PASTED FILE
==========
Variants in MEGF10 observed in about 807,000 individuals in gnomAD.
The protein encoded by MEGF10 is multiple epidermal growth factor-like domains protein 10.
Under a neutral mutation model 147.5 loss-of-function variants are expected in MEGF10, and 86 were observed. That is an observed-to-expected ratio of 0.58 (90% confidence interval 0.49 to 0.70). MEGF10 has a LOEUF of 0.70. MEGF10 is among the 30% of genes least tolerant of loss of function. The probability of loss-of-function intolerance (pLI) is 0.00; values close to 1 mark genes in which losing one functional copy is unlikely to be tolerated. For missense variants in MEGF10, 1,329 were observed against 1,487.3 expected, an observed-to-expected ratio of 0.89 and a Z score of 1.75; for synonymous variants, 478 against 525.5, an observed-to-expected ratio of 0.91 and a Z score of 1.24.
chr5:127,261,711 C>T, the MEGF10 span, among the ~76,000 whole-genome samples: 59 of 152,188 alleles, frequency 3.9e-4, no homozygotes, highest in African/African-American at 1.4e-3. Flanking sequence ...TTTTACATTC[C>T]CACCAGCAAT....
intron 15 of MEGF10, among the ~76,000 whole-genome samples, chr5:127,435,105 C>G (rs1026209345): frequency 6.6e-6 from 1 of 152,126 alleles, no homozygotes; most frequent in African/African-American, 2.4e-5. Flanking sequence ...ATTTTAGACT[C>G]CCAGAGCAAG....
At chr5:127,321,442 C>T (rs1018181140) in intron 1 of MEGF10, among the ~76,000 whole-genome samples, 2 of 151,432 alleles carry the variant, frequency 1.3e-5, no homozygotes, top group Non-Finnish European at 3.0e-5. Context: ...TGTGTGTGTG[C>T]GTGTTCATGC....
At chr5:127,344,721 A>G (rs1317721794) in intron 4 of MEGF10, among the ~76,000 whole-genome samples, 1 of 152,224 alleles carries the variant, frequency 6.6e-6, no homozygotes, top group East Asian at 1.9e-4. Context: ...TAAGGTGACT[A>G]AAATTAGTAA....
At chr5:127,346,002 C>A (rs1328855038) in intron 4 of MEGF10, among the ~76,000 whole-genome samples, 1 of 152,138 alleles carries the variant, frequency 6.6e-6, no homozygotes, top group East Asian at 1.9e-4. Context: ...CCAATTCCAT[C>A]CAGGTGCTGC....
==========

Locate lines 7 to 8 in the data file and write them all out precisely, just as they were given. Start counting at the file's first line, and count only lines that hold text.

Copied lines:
At chr5:127,344,721 A>G (rs1317721794) in intron 4 of MEGF10, among the ~76,000 whole-genome samples, 1 of 152,224 alleles carries the variant, frequency 6.6e-6, no homozygotes, top group East Asian at 1.9e-4. Context: ...TAAGGTGACT[A>G]AAATTAGTAA....
At chr5:127,346,002 C>A (rs1328855038) in intron 4 of MEGF10, among the ~76,000 whole-genome samples, 1 of 152,138 alleles carries the variant, frequency 6.6e-6, no homozygotes, top group East Asian at 1.9e-4. Context: ...CCAATTCCAT[C>A]CAGGTGCTGC....